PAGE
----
There is no information that Soapy ever returned to Georgia after he moved from there with his parents, to Texas in 1876.

The information you found in the book by Calvin Barkdull is mistaken. The only newspaper accounts of a widow coming to Skagway regards Mary. Those two articles are pretty detailed so there is no mistake it is Mary Smith and their son Jefferson. Soapy's grave was not opened as she did not wish to have his remains transported back to St. Louis. Interesting to hear that he said that the body was not there! In 1917 a major flood carried Soapy's grave out to sea. Thus today the marker tourists see is not over Soapy's old resting place. Looking to the south of the marker you will see a large gully dug by the flood. This is the true ex-resting place of Soapy Smith.

I am sorry I could not give what you were hoping for. I wish you all the luck in finding your family history.

Jeff Smith



  1. Hello?

    I'm fascinated to read the part about his body not being there when the casket was opened..I was hoping to find some information that maybe Soapy had not died in that gunfuight after all.

    I'm gonna tell you what I know, and maybe this information will intrique you to look into my story here further,.

    I live in Mabou/Inverness, Cape Breton Island, Nova Scotia, Canada . It is a place I do not imagine would be easy to find less you were looking specifically for it.think about back in the day.
    I am just a young man. Over the years I heard a rumour that one of the men living in the hills in this area was a man who was once a member of the Jesse James gang. I didn't think it could be true but one thing for sure..this area would be a perfect place to go if you had people looking for you and you didn't want to be found.
    Not long ago i was visiting a female friend of mine and her friend was visiting, a gentleman in his late 70's or so, and I didn't really have much to say, but I thought of that rumour from years back and decided to ask him.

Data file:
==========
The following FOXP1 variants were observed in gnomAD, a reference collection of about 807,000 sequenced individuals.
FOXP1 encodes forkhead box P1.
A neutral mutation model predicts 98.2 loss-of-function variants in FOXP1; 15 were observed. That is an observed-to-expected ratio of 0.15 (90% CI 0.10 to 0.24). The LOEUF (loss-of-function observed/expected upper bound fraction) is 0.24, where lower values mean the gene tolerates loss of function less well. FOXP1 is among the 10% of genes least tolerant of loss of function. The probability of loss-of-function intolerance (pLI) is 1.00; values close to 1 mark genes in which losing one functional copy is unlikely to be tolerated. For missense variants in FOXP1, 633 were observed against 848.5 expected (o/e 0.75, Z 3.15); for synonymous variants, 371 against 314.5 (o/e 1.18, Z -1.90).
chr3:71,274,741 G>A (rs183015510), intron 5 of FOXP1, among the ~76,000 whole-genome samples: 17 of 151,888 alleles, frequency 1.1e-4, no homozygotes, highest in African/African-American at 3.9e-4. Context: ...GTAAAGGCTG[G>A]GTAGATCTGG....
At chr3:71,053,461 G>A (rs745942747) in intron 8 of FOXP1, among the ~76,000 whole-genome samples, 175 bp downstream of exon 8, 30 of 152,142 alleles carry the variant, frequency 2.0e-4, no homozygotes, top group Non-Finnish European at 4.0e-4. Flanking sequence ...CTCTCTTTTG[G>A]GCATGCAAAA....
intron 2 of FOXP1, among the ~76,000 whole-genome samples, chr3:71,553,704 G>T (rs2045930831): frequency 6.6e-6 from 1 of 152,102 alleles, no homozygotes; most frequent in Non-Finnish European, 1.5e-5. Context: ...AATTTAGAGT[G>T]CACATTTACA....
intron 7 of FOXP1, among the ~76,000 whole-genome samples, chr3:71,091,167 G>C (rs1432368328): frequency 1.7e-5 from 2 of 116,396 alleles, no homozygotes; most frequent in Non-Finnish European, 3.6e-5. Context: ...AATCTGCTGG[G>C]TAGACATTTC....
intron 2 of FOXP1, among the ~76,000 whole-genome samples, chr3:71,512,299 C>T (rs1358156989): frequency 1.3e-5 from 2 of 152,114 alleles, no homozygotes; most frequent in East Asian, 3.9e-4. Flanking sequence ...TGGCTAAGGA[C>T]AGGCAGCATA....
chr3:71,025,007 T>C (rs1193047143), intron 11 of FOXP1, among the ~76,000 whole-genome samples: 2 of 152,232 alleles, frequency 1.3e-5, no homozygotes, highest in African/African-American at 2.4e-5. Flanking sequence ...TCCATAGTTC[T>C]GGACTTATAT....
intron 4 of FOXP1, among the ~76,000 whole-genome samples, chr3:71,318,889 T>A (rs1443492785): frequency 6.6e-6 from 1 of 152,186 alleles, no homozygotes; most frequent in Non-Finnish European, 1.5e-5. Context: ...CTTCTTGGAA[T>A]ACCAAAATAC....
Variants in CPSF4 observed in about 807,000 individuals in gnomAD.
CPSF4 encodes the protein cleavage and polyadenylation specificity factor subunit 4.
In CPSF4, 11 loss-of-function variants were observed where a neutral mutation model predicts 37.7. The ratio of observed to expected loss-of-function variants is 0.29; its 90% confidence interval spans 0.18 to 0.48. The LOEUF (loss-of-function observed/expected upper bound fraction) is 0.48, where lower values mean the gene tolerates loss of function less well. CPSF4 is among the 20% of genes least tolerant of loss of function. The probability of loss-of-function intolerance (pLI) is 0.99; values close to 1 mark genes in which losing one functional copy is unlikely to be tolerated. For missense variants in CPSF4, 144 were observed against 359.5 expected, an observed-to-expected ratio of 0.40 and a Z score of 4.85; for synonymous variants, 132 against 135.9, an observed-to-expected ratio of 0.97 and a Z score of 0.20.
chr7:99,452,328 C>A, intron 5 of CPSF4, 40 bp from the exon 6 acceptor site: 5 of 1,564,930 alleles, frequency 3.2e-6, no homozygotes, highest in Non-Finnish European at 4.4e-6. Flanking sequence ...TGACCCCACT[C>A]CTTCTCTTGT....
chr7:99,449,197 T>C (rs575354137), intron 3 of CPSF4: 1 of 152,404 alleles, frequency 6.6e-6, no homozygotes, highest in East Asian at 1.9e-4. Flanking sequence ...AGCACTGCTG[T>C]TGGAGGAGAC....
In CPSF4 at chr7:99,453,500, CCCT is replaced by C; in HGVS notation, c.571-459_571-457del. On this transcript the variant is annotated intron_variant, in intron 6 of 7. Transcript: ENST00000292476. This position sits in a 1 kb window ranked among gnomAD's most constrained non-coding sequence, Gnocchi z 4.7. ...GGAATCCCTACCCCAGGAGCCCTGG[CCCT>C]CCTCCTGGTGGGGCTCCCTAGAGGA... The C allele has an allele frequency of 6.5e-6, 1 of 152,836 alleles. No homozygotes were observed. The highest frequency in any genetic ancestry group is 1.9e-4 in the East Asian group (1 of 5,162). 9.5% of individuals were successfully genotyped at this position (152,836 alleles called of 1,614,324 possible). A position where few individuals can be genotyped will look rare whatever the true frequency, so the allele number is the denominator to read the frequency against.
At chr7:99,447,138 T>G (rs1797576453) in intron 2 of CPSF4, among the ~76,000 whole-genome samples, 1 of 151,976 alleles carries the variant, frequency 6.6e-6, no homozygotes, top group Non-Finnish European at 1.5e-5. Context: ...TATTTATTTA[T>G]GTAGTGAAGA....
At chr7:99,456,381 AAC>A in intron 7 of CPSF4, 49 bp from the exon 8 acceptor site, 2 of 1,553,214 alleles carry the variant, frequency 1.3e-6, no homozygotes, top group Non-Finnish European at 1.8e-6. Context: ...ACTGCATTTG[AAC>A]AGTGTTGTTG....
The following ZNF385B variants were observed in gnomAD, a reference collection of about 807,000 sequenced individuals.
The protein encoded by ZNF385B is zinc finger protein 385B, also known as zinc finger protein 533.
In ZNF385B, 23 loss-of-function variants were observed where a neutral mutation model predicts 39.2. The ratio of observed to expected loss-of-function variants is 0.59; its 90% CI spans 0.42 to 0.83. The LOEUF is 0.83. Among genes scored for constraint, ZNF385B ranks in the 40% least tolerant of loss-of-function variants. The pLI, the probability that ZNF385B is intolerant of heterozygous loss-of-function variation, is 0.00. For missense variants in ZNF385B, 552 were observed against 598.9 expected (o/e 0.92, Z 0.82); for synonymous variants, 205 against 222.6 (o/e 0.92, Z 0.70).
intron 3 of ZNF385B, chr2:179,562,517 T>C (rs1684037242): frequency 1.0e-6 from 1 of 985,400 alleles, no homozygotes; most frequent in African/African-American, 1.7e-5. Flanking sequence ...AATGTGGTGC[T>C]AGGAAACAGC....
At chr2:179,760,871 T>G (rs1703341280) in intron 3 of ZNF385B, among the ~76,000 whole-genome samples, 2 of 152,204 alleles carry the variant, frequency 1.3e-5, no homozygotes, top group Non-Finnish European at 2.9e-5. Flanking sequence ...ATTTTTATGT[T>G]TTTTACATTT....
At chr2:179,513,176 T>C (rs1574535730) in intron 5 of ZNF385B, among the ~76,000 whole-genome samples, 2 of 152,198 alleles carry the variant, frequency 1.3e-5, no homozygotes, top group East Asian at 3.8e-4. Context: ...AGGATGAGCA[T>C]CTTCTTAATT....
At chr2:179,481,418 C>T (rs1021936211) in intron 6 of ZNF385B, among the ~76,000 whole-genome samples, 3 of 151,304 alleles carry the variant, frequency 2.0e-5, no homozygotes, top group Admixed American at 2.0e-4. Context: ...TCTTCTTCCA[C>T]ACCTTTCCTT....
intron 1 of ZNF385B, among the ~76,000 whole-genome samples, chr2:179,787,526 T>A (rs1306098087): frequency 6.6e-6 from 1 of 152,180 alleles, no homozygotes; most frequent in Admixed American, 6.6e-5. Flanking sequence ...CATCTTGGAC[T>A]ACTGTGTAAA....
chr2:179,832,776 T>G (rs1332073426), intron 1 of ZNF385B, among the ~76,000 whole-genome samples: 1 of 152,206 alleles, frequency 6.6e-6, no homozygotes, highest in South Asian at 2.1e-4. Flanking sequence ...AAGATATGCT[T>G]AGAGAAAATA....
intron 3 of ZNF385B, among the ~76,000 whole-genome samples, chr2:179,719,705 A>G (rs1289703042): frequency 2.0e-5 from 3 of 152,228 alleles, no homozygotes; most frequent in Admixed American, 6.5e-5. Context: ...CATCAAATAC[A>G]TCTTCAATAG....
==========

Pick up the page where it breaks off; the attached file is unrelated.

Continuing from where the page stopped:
He told me there was a man. And his name was Smith. ( the area he lived in is called Smithville ; there are many Smiths live there today, It is a small area between Mabou and Inverness, Nova Scotia) This Smith's name that everyone called him was 'Colorado'.
    Ok, so the last couple of days I've decided to look this up on the internet with the Jesse James connection. And I got onto the Soapy Smith connection. Imagine my surprise when I look up his wikipedia profile and see how much his life had to do with Colorado.
    I for one would like to hear that there is a possibility that Soapy survived that gunfight, played dead, and then fled the hell outta there. Because there is a Smith man who came here from Colorado back in the early 1900's, and the story was that he was an outlaw ( I heard with Jesse James).There are many of this mans seed living in this area today. ( I am gonna see if the old man who told me about 'Colorado' has a real first name.
    (What do you think about this?)

    1. Hello, Anonymous.

      As the story above states, there is/was no source for the story that his casket was opened and his body was not there. After Soapy was killed there were at least 4 photographs taken of his body in the morgue, including autopsy photographs showing his chest cut open. These photographs and doctors who performed the autopsy were enemies of Soapy. There is absolutely no reason why they would fake his death.

      Soapy's widow, Mary and their 9-year-old son (my grandfather) both went to Skagway to claim the estate and nothing was ever said by them, nor the newspapers, about exhuming the body. Mary talked about her husband to her children and grandchildren for many years and not once did she mention anything about digging up his grave and opening the casket. Mary remarried a policeman.

      Sorry, I can say with certainty that Soapy Smith died on July 8, 1898 and was buried in Skagway, Alaska. However, thank you for writing with the very interesting story, I enjoyed it.

      Jeff Smith


Thank you for leaving your comment and/or question on my blog. I always read, and will answer all questions left here. Please know that they are greatly appreciated. -Jeff Smith